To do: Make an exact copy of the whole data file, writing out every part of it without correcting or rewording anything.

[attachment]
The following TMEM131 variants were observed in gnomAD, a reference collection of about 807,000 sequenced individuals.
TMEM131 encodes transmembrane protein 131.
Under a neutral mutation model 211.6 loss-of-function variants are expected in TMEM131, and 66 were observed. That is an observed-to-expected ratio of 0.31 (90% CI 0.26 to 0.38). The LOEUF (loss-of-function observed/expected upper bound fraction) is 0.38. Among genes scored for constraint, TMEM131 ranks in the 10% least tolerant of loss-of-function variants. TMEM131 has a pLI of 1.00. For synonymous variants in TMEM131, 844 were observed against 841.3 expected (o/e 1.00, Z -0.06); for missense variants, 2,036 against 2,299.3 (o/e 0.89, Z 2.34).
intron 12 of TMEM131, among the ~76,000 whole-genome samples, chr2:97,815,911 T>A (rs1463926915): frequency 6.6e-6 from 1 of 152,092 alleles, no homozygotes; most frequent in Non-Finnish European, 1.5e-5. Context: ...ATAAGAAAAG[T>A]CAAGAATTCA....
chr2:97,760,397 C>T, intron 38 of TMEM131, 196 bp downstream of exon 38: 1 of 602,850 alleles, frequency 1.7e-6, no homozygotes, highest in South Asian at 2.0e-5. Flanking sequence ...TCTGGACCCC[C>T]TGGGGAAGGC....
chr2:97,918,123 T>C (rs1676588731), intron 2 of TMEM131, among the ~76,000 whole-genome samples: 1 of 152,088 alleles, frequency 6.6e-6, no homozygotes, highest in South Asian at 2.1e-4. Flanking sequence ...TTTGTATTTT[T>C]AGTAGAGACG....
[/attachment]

The following TMEM131 variants were observed in gnomAD, a reference collection of about 807,000 sequenced individuals.
TMEM131 encodes transmembrane protein 131.
Under a neutral mutation model 211.6 loss-of-function variants are expected in TMEM131, and 66 were observed. That is an observed-to-expected ratio of 0.31 (90% CI 0.26 to 0.38). The LOEUF (loss-of-function observed/expected upper bound fraction) is 0.38. Among genes scored for constraint, TMEM131 ranks in the 10% least tolerant of loss-of-function variants. TMEM131 has a pLI of 1.00. For synonymous variants in TMEM131, 844 were observed against 841.3 expected (o/e 1.00, Z -0.06); for missense variants, 2,036 against 2,299.3 (o/e 0.89, Z 2.34).
intron 12 of TMEM131, among the ~76,000 whole-genome samples, chr2:97,815,911 T>A (rs1463926915): frequency 6.6e-6 from 1 of 152,092 alleles, no homozygotes; most frequent in Non-Finnish European, 1.5e-5. Context: ...ATAAGAAAAG[T>A]CAAGAATTCA....
chr2:97,760,397 C>T, intron 38 of TMEM131, 196 bp downstream of exon 38: 1 of 602,850 alleles, frequency 1.7e-6, no homozygotes, highest in South Asian at 2.0e-5. Flanking sequence ...TCTGGACCCC[C>T]TGGGGAAGGC....
chr2:97,918,123 T>C (rs1676588731), intron 2 of TMEM131, among the ~76,000 whole-genome samples: 1 of 152,088 alleles, frequency 6.6e-6, no homozygotes, highest in South Asian at 2.1e-4. Flanking sequence ...TTTGTATTTT[T>C]AGTAGAGACG....